# Centre of Mass

1. Nov 4, 2007

### mnandlall

If I cut a perfect circle into a square piece of tin, how will the centre of mass be affected? I am making the assumption that I know the dimensions of the square as well as the diameter of the circle being cut. Let's say that I also know the position of the centre of the circle relative to the centre of the square.

Is there a specific relationship that exists here?

2. Nov 4, 2007

### christianjb

If the circle and square share the same common center, then no- the COM will not be affected.

3. Nov 4, 2007

### mnandlall

Alright, but what if they do not share the same common center?

4. Nov 4, 2007

### christianjb

Then it will move to the new center.

5. Nov 4, 2007

### mnandlall

Do you mean to say that regardless of where I cut the circle, the new centre of mass will always be at the centre of the circle?

6. Nov 4, 2007

### christianjb

As long as the material is even- then yes.

Where else could the center of mass be, except at the center of the circle?

7. Nov 4, 2007

### DaveC426913

What? No.

If you have a 6"x6" square of tin, and you cut a 1" circle at a spot 1" from the edge, the4 CoM will NOT be the centre of the circle!

8. Nov 4, 2007

### DaveC426913

Try turning the problem on its head. A 1" circle of tin 2" from a fulcrum has the same effect as a 1" circle missing from a piece of tin 2" from its fulcrum.

9. Nov 4, 2007

### mnandlall

Okay, I will try to think about it that way, and see where I get. Thanks.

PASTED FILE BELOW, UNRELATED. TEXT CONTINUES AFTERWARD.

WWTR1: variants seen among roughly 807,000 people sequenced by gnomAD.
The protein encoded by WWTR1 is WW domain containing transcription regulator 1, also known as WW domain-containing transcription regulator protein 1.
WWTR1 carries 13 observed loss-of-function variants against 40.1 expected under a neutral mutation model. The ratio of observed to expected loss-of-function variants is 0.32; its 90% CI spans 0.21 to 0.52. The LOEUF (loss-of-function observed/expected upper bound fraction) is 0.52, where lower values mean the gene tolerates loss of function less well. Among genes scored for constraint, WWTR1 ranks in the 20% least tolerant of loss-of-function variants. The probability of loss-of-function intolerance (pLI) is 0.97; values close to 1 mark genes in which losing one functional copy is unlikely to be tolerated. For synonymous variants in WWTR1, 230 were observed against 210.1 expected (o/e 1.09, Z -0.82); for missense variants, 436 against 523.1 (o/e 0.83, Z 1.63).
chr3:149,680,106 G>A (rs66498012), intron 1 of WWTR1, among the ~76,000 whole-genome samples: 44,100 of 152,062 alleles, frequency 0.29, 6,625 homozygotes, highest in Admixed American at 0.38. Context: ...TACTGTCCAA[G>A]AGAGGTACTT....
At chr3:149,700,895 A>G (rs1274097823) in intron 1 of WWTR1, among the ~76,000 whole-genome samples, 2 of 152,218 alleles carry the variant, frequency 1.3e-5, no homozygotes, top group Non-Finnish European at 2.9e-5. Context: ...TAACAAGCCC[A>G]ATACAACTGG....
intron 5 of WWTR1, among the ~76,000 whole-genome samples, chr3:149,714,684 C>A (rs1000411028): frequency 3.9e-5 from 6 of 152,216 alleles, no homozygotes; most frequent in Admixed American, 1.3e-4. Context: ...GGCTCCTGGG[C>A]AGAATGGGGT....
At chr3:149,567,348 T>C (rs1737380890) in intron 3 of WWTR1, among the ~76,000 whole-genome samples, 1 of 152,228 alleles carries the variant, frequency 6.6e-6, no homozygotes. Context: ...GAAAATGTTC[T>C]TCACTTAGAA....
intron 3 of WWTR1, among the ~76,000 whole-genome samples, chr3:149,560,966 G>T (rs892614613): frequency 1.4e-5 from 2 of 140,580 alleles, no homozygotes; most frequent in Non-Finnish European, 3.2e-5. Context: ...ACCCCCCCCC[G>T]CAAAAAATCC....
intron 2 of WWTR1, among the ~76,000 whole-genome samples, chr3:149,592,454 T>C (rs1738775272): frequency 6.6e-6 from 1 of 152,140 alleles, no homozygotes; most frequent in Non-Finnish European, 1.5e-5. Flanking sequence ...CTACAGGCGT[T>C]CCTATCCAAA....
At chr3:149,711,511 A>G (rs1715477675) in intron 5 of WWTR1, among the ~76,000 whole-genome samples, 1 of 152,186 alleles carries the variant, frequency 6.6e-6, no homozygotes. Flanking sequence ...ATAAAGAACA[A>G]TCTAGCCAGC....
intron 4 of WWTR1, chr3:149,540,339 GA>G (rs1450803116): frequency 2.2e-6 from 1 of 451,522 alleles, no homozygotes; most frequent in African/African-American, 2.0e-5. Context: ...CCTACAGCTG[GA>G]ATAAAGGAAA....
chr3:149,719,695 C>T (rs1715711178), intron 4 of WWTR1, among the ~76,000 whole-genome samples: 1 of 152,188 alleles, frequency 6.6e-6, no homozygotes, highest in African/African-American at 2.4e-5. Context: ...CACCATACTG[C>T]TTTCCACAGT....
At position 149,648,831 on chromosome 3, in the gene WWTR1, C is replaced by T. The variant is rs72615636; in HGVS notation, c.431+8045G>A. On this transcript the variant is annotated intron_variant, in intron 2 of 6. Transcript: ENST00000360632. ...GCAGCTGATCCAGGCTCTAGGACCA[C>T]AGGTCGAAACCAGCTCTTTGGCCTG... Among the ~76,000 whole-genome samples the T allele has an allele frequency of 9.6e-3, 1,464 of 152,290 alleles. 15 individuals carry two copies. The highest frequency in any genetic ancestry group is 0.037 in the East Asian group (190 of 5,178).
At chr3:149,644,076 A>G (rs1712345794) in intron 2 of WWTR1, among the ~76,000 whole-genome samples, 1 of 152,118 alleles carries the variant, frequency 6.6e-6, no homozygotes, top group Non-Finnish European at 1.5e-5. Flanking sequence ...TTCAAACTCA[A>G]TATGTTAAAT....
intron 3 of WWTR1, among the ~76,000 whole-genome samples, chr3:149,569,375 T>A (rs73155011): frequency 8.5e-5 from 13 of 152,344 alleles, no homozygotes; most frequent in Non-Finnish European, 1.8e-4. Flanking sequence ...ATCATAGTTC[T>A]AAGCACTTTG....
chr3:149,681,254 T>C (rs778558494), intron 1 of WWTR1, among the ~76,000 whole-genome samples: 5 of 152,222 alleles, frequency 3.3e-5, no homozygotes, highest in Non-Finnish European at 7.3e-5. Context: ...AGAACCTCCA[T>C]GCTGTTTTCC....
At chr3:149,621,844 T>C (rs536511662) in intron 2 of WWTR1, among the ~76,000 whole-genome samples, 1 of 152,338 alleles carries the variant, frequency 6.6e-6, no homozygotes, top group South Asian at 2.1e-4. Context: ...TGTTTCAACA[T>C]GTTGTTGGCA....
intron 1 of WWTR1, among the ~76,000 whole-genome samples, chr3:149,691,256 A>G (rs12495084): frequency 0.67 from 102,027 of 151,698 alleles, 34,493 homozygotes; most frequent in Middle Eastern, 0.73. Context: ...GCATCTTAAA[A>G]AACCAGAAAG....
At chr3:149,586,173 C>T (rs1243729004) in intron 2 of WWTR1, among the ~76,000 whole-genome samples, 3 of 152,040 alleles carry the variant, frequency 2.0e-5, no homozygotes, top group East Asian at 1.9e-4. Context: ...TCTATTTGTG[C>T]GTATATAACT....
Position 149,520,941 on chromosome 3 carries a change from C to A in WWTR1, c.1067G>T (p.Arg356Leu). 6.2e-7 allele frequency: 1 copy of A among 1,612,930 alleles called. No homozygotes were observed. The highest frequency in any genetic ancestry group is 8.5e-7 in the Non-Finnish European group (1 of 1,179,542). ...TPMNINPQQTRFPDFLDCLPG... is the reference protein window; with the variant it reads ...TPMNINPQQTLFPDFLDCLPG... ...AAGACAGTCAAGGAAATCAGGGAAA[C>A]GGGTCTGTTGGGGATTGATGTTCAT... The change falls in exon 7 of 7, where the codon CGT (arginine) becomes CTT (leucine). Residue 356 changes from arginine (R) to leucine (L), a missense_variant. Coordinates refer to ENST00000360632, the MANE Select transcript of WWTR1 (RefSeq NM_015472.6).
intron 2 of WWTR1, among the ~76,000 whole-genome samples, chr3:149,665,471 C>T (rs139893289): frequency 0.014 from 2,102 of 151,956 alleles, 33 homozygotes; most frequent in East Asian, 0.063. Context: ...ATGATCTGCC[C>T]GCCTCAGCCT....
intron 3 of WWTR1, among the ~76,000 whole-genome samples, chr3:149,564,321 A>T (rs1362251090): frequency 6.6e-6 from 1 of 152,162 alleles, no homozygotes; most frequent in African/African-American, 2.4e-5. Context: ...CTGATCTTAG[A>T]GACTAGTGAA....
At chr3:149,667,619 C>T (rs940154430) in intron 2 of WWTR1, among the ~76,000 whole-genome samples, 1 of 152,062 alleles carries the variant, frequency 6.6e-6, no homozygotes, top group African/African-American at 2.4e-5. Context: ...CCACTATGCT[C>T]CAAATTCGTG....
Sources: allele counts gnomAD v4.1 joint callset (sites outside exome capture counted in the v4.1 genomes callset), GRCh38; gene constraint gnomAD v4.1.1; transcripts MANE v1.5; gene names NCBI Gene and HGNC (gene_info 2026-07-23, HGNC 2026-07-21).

10. Nov 4, 2007

### christianjb

Am I misunderstanding the question? I think I might be.

Are you asking where the COM of the foil minus the circle is? In that case, I agree, the COM will shift.

11. Nov 4, 2007

### mnandlall

Yes, this is what I was asking. Sorry if I was unclear about it.

12. Nov 4, 2007

### christianjb

OK, one way of solving the problem is to consider how to combine two COM's to form their joint COM.

i.e. if the COM of A is at Ra, and the COM of B is at Rb, then the joint COM is at

Rab=(MaRa+MbRb)/(Ma+Mb), where Ma is the total mass of A.

If you cut out the circle without removing it- then the center of mass of the entire square (including the circle) has not changed. You can work out the COM of the circle and you can then balance an equation including the COM of the square with the circular cut.

13. Nov 4, 2007

### mnandlall

Do you need to know the mass of the object to figure out the answer? I mean, what if the object was made of a different material, perhaps gold. If all of the same dimensions are used, will there be a different answer?

14. Nov 4, 2007

### christianjb

I doubt it. Just use a mass 'M' for the total square, and it should drop out by the end.